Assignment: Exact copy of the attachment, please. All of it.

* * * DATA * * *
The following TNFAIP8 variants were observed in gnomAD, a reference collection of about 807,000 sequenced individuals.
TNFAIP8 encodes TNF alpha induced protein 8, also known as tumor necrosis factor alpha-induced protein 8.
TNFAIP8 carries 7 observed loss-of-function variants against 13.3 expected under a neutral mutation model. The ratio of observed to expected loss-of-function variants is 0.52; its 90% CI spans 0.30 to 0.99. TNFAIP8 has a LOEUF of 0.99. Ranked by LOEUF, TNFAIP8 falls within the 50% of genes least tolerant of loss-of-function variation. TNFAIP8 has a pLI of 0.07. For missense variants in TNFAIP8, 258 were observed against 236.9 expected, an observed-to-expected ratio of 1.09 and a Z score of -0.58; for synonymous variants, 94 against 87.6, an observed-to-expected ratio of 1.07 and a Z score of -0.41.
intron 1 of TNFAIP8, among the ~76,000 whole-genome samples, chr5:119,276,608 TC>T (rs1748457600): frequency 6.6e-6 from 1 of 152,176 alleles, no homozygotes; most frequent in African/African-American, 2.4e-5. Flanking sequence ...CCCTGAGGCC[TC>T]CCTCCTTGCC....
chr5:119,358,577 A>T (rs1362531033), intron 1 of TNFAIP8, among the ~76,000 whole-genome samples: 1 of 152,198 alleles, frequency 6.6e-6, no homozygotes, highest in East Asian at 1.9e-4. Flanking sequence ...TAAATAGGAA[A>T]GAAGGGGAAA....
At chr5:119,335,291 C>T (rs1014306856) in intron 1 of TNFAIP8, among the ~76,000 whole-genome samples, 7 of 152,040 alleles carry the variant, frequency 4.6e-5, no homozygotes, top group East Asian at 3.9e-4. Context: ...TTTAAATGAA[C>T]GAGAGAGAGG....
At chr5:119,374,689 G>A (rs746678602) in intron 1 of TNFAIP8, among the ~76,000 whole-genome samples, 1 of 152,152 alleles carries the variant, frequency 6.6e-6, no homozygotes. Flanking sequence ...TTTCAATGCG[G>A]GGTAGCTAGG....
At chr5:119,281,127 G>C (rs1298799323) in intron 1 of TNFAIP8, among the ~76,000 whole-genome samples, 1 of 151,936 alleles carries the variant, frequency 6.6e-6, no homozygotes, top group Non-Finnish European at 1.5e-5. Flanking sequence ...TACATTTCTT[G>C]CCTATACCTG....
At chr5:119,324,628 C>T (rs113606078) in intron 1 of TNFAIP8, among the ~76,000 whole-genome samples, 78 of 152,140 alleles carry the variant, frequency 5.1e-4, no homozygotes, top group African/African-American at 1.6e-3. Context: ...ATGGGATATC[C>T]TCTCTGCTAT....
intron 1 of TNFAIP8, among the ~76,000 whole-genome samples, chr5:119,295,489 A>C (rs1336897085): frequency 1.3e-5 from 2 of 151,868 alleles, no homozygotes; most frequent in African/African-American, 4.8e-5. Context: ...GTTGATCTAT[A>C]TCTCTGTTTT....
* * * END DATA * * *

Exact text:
The following TNFAIP8 variants were observed in gnomAD, a reference collection of about 807,000 sequenced individuals.
TNFAIP8 encodes TNF alpha induced protein 8, also known as tumor necrosis factor alpha-induced protein 8.
TNFAIP8 carries 7 observed loss-of-function variants against 13.3 expected under a neutral mutation model. The ratio of observed to expected loss-of-function variants is 0.52; its 90% CI spans 0.30 to 0.99. TNFAIP8 has a LOEUF of 0.99. Ranked by LOEUF, TNFAIP8 falls within the 50% of genes least tolerant of loss-of-function variation. TNFAIP8 has a pLI of 0.07. For missense variants in TNFAIP8, 258 were observed against 236.9 expected, an observed-to-expected ratio of 1.09 and a Z score of -0.58; for synonymous variants, 94 against 87.6, an observed-to-expected ratio of 1.07 and a Z score of -0.41.
intron 1 of TNFAIP8, among the ~76,000 whole-genome samples, chr5:119,276,608 TC>T (rs1748457600): frequency 6.6e-6 from 1 of 152,176 alleles, no homozygotes; most frequent in African/African-American, 2.4e-5. Flanking sequence ...CCCTGAGGCC[TC>T]CCTCCTTGCC....
chr5:119,358,577 A>T (rs1362531033), intron 1 of TNFAIP8, among the ~76,000 whole-genome samples: 1 of 152,198 alleles, frequency 6.6e-6, no homozygotes, highest in East Asian at 1.9e-4. Flanking sequence ...TAAATAGGAA[A>T]GAAGGGGAAA....
At chr5:119,335,291 C>T (rs1014306856) in intron 1 of TNFAIP8, among the ~76,000 whole-genome samples, 7 of 152,040 alleles carry the variant, frequency 4.6e-5, no homozygotes, top group East Asian at 3.9e-4. Context: ...TTTAAATGAA[C>T]GAGAGAGAGG....
At chr5:119,374,689 G>A (rs746678602) in intron 1 of TNFAIP8, among the ~76,000 whole-genome samples, 1 of 152,152 alleles carries the variant, frequency 6.6e-6, no homozygotes. Flanking sequence ...TTTCAATGCG[G>A]GGTAGCTAGG....
At chr5:119,281,127 G>C (rs1298799323) in intron 1 of TNFAIP8, among the ~76,000 whole-genome samples, 1 of 151,936 alleles carries the variant, frequency 6.6e-6, no homozygotes, top group Non-Finnish European at 1.5e-5. Flanking sequence ...TACATTTCTT[G>C]CCTATACCTG....
At chr5:119,324,628 C>T (rs113606078) in intron 1 of TNFAIP8, among the ~76,000 whole-genome samples, 78 of 152,140 alleles carry the variant, frequency 5.1e-4, no homozygotes, top group African/African-American at 1.6e-3. Context: ...ATGGGATATC[C>T]TCTCTGCTAT....
intron 1 of TNFAIP8, among the ~76,000 whole-genome samples, chr5:119,295,489 A>C (rs1336897085): frequency 1.3e-5 from 2 of 151,868 alleles, no homozygotes; most frequent in African/African-American, 4.8e-5. Context: ...GTTGATCTAT[A>C]TCTCTGTTTT....